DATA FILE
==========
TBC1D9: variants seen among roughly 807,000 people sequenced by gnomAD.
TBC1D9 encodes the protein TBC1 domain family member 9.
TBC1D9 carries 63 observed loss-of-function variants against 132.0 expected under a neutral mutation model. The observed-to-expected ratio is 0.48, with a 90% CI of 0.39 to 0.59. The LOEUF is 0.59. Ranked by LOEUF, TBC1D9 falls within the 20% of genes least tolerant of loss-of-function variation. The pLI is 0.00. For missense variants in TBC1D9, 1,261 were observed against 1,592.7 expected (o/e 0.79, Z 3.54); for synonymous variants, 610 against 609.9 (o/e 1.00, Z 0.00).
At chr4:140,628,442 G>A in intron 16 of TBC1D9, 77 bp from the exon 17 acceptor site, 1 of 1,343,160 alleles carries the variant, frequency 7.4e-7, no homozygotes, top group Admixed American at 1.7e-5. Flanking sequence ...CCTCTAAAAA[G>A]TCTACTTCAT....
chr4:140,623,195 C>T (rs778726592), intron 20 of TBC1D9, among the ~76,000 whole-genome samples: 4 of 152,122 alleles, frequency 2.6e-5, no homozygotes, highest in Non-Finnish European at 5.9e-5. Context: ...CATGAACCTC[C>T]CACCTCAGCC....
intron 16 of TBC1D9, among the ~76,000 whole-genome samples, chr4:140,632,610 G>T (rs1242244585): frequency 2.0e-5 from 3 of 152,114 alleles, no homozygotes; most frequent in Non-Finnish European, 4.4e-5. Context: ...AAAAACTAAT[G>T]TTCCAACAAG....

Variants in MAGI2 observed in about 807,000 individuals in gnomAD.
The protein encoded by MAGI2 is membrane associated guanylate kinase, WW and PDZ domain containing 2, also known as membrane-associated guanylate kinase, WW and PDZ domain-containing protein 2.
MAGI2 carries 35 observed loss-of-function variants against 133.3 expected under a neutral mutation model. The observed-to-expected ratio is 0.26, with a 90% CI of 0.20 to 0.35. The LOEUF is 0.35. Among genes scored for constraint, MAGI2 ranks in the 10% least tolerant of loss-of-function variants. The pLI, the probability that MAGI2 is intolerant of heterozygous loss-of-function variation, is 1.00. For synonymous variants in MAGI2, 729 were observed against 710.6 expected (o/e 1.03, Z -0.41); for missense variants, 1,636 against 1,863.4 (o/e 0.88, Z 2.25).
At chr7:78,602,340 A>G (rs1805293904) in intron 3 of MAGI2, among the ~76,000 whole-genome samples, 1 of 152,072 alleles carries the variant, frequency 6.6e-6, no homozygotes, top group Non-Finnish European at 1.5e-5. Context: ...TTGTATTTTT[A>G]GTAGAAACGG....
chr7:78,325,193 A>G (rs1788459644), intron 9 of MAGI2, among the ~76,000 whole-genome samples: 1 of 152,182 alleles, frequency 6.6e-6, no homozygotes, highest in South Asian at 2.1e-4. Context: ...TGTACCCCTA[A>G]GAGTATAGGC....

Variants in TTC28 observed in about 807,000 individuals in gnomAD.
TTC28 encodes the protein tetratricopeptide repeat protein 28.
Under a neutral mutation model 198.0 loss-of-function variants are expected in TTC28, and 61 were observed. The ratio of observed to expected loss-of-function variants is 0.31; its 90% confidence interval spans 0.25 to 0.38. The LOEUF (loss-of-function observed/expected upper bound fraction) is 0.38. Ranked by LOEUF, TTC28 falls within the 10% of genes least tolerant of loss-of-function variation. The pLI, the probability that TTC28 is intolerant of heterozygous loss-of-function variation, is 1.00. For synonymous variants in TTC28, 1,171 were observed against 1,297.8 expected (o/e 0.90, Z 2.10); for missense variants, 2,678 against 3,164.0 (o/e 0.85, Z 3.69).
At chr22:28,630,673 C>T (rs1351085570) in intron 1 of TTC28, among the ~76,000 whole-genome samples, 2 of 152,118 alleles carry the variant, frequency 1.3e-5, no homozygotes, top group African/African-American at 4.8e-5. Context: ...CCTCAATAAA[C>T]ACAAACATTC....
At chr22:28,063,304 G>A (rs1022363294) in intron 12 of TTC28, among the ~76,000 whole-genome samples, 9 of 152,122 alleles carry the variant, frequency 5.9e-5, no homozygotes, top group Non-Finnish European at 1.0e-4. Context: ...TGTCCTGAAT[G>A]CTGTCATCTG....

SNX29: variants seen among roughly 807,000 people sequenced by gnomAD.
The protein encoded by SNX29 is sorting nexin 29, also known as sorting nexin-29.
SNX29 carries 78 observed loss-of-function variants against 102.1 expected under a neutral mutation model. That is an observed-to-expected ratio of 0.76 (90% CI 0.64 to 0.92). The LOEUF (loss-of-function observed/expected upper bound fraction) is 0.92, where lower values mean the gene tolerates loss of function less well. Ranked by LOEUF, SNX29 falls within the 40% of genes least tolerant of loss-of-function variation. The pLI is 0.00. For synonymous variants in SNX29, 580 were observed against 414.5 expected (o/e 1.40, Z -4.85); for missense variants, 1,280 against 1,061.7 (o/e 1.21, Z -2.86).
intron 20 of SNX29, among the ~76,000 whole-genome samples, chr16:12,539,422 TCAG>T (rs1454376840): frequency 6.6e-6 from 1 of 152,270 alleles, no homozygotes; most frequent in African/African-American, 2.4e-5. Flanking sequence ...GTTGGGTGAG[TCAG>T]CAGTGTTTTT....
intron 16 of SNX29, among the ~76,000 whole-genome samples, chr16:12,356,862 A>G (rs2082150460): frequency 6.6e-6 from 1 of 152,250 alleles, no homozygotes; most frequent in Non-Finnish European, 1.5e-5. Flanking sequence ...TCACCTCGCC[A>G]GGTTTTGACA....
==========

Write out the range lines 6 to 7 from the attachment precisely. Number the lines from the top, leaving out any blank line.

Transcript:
intron 16 of TBC1D9, among the ~76,000 whole-genome samples, chr4:140,632,610 G>T (rs1242244585): frequency 2.0e-5 from 3 of 152,114 alleles, no homozygotes; most frequent in Non-Finnish European, 4.4e-5. Context: ...AAAAACTAAT[G>T]TTCCAACAAG....

Variants in MAGI2 observed in about 807,000 individuals in gnomAD.